Thursday, 9 June 2016

Robert Plant brings retooled Zep hits to Molson Amphitheatre

It's been nearly eight years since Led Zeppelin guitarist Jimmy Page and singer Robert Plant performed together. And while Page has spent a large chunk of the interim restoring the iconic band's back catalogue, Plant continues to press forward on a seemingly endless musical adventure.

Such was the case Tuesday evening at Toronto's Molson Canadian Amphitheatre where Plant and his eclectic supporting cast the Sensational Space Shifters thrilled a sizable but far from capacity crowd for 100 minutes. The biggest difference this time around was how liberally Plant sprinkled the set with reworked, retooled Led Zeppelin classics.

Plant, 67, got things started off perfectly with Trampled Under Foot, the groovy boogie number from Zeppelin's Physical Graffiti. Happy to give fans what they wanted, the singer belted out the tune before offering up Turn It Up from his latest album Lullaby and...The Ceaseless Roar.

It was obvious though the ups and downs depended on where Plant was in the set. As interesting as new, Celtic-tinged tunes such as Little Maggie came off they didn't register as strongly with fans judging by how many kept sitting. This changed quickly whenever Plant unearthed gems such as the delectable foot-stomper Black Country Woman with the singer on harmonica or the swampy, re-imagined Black Dog.

Perhaps the greatest asset was his band, one that easily lived up to its name. A handful of times throughout, guitarists Justin Adams and Liam “Skin” Tyson followed Plant's blueprint perfectly, morphing from rustic Mississippi blues to rock to folk in the span of a few fleeting moments. This was particularly true on No Place to Go which veered seamlessly into a tasty portion of Dazed And Confused.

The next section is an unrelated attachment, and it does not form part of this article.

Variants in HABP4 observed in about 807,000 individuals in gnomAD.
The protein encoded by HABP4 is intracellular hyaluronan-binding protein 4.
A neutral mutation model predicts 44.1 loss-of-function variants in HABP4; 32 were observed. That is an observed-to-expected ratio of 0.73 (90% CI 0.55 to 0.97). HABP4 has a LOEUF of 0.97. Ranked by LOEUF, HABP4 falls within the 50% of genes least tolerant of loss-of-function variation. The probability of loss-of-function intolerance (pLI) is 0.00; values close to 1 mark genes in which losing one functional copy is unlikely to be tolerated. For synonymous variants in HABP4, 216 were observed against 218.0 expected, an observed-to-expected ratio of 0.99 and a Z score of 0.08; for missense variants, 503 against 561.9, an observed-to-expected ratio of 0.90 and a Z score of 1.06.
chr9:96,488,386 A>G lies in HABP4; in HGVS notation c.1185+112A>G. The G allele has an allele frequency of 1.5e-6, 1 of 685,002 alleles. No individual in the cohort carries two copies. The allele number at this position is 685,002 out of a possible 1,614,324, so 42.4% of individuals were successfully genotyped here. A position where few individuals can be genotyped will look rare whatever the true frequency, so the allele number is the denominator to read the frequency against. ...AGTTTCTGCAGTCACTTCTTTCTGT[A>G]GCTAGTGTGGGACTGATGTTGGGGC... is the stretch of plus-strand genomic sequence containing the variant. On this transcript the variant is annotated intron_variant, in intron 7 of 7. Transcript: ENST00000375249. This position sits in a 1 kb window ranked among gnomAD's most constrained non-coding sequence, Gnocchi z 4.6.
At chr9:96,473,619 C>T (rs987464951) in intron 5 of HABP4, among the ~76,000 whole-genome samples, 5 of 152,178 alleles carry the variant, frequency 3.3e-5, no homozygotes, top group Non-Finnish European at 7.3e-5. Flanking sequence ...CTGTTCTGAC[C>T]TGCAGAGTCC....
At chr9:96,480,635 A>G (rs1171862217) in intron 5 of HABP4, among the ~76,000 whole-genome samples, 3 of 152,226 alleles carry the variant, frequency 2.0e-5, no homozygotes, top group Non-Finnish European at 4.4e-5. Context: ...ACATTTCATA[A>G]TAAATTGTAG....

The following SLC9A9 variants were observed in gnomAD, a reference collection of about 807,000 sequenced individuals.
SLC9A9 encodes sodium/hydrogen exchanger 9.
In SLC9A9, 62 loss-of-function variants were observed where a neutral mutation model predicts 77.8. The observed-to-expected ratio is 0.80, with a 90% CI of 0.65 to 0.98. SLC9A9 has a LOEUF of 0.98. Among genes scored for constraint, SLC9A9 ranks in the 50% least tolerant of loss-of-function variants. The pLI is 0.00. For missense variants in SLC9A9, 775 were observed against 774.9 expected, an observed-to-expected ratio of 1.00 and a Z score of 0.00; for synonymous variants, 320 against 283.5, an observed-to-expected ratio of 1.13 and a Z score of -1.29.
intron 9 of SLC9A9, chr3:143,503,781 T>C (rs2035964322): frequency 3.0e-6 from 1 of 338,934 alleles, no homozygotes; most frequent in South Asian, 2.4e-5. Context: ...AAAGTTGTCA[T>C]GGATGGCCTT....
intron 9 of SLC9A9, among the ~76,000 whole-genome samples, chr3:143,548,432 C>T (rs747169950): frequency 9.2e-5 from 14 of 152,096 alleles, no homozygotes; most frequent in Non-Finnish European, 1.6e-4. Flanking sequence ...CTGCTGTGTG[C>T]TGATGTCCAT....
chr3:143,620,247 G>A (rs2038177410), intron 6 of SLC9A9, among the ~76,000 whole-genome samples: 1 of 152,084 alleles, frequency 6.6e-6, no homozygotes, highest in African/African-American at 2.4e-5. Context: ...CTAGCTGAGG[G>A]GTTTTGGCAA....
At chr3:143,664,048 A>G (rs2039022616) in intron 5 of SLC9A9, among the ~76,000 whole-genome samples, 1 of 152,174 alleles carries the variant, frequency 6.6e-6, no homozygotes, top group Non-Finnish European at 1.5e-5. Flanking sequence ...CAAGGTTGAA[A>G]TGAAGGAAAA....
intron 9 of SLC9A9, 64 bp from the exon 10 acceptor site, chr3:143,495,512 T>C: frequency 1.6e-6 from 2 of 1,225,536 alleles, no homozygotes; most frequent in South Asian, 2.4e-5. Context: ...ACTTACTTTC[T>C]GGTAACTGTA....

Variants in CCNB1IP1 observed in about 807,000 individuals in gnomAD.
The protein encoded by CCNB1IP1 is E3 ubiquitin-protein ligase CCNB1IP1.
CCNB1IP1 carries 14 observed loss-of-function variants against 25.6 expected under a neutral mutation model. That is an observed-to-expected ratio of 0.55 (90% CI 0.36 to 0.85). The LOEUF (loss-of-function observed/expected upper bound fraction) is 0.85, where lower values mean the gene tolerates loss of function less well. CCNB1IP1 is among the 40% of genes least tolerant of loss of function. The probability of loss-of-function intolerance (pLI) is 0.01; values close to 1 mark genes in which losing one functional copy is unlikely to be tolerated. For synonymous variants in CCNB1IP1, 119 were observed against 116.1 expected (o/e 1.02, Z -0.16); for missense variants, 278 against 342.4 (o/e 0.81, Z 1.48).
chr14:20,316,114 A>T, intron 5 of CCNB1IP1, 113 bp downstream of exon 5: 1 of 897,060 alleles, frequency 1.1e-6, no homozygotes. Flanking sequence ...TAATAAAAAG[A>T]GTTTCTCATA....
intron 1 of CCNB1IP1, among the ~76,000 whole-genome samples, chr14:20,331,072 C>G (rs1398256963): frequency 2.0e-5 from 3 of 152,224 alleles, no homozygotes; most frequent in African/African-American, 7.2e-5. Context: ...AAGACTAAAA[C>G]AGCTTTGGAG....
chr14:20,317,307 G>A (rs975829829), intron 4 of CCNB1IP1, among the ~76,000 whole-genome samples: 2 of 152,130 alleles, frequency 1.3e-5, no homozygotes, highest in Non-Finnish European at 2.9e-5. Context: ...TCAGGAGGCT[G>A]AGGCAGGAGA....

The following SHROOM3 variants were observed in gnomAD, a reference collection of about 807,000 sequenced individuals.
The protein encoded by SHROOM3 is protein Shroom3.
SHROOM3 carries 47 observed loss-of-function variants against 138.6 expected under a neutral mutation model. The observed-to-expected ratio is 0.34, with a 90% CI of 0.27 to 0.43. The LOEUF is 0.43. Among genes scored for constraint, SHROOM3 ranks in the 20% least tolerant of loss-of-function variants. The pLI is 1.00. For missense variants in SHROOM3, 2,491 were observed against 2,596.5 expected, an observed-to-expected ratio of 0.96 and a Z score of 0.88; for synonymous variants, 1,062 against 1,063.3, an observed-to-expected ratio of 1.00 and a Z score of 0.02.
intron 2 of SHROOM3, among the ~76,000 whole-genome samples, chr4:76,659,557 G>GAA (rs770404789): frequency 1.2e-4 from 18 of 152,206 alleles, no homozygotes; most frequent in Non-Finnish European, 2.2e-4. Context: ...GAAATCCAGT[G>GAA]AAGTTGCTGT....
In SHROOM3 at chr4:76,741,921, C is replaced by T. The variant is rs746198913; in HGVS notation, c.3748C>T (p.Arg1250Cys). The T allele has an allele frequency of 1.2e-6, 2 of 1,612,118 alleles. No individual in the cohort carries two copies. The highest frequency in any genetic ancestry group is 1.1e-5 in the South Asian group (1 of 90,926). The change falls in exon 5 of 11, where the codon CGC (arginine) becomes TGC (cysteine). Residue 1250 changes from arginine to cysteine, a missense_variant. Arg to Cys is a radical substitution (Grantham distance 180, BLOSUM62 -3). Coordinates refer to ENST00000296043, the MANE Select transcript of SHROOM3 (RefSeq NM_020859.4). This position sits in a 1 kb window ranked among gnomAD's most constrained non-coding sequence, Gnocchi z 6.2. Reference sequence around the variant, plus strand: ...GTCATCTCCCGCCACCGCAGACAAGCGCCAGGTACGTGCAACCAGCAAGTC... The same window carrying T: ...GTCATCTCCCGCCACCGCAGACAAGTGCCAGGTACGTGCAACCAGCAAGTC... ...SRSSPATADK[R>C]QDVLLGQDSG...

Another highlight was The Rain Song which slowed things down roughly halfway into the show. Here Plant, Tyson and keyboardist John Baggott created some magic that both Jimmy Page and John Paul Jones would probably deem worthy.

While professing his love of Toronto, Plant also gave a shout out to Jack White who Plant said was “giving some people some s—” and dedicated The Lemon Song to him. The reference regarded the verbal tussle White had earlier in the week with The Black Keys' Pat Carney.

Near the homestretch Plant and the seasoned sextet weaved through a medley of I Just Want to Make Love to You, Whole Lotta Love and Who Do You Love? The mash-up was loved by all as Plant waved his hands in the air, which the crowd quickly mimicked. This paled however to the encore which melded Satan Your Kingdom Must Come Down with In My Time of Dying.

With the end in sight on this night, Plant put a pretty bow on the proceedings with Rock and Roll, the warhorse that had some Cajun flair to it courtesy of multi-instrumentalist Juldeh Camara.

Opening for Plant was Seattle garage rock group The Sonics. While dressed like they just left their insurance office, the '60s group brought to mind The Stooges and MC5 with their powerful, punchy brand of rock.

Robert Plant and the Sensational Space Shifters at the Fillmore Auditorium, Denver

Robert Plant's new album, Lullaby and... The Ceaseless Roar (Nonesuch, 2014), is an atmospheric affair; music suitable for horseback riding at twilight in misty woods while on the lookout for the Headless Horseman. Perhaps the Led Zeppelin tune most closely matching the feel for many of the songs on the new album is "No Quarter." So it was entirely appropriate that Plant and his Sensational Space Shifters began their concert Saturday night with... "No Quarter." Plant and his band went on to perform five or six (or maybe even seven) more Zeppelin tunes, depending on how you count. More on that later. Most of the rest of the program was drawn from the new album.